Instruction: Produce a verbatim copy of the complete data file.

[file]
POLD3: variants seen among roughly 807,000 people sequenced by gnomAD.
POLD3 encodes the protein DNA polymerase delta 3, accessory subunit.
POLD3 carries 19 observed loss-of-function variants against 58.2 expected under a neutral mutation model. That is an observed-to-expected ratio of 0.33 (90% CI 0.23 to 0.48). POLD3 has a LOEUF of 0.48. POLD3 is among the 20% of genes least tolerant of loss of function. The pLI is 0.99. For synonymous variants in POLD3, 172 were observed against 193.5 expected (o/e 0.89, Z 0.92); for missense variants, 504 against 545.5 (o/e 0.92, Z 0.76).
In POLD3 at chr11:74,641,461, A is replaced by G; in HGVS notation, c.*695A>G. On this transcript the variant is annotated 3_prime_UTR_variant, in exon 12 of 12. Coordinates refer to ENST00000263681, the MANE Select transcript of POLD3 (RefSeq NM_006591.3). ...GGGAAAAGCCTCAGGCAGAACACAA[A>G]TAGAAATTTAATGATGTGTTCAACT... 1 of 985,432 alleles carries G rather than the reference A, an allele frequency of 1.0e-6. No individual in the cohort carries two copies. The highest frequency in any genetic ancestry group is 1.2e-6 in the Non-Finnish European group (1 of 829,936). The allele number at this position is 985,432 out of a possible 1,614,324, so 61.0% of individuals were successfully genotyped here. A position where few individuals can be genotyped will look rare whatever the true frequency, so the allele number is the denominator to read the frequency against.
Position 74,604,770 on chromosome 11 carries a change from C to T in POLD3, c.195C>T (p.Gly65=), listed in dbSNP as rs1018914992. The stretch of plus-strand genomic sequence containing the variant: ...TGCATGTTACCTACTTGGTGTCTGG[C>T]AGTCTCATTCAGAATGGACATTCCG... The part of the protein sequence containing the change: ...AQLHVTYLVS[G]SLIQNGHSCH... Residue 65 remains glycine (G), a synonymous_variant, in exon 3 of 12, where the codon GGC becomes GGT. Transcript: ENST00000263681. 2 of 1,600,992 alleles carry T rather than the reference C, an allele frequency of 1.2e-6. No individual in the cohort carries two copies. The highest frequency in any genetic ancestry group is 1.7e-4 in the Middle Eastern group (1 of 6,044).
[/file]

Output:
POLD3: variants seen among roughly 807,000 people sequenced by gnomAD.
POLD3 encodes the protein DNA polymerase delta 3, accessory subunit.
POLD3 carries 19 observed loss-of-function variants against 58.2 expected under a neutral mutation model. That is an observed-to-expected ratio of 0.33 (90% CI 0.23 to 0.48). POLD3 has a LOEUF of 0.48. POLD3 is among the 20% of genes least tolerant of loss of function. The pLI is 0.99. For synonymous variants in POLD3, 172 were observed against 193.5 expected (o/e 0.89, Z 0.92); for missense variants, 504 against 545.5 (o/e 0.92, Z 0.76).
In POLD3 at chr11:74,641,461, A is replaced by G; in HGVS notation, c.*695A>G. On this transcript the variant is annotated 3_prime_UTR_variant, in exon 12 of 12. Coordinates refer to ENST00000263681, the MANE Select transcript of POLD3 (RefSeq NM_006591.3). ...GGGAAAAGCCTCAGGCAGAACACAA[A>G]TAGAAATTTAATGATGTGTTCAACT... 1 of 985,432 alleles carries G rather than the reference A, an allele frequency of 1.0e-6. No individual in the cohort carries two copies. The highest frequency in any genetic ancestry group is 1.2e-6 in the Non-Finnish European group (1 of 829,936). The allele number at this position is 985,432 out of a possible 1,614,324, so 61.0% of individuals were successfully genotyped here. A position where few individuals can be genotyped will look rare whatever the true frequency, so the allele number is the denominator to read the frequency against.
Position 74,604,770 on chromosome 11 carries a change from C to T in POLD3, c.195C>T (p.Gly65=), listed in dbSNP as rs1018914992. The stretch of plus-strand genomic sequence containing the variant: ...TGCATGTTACCTACTTGGTGTCTGG[C>T]AGTCTCATTCAGAATGGACATTCCG... The part of the protein sequence containing the change: ...AQLHVTYLVS[G]SLIQNGHSCH... Residue 65 remains glycine (G), a synonymous_variant, in exon 3 of 12, where the codon GGC becomes GGT. Transcript: ENST00000263681. 2 of 1,600,992 alleles carry T rather than the reference C, an allele frequency of 1.2e-6. No individual in the cohort carries two copies. The highest frequency in any genetic ancestry group is 1.7e-4 in the Middle Eastern group (1 of 6,044).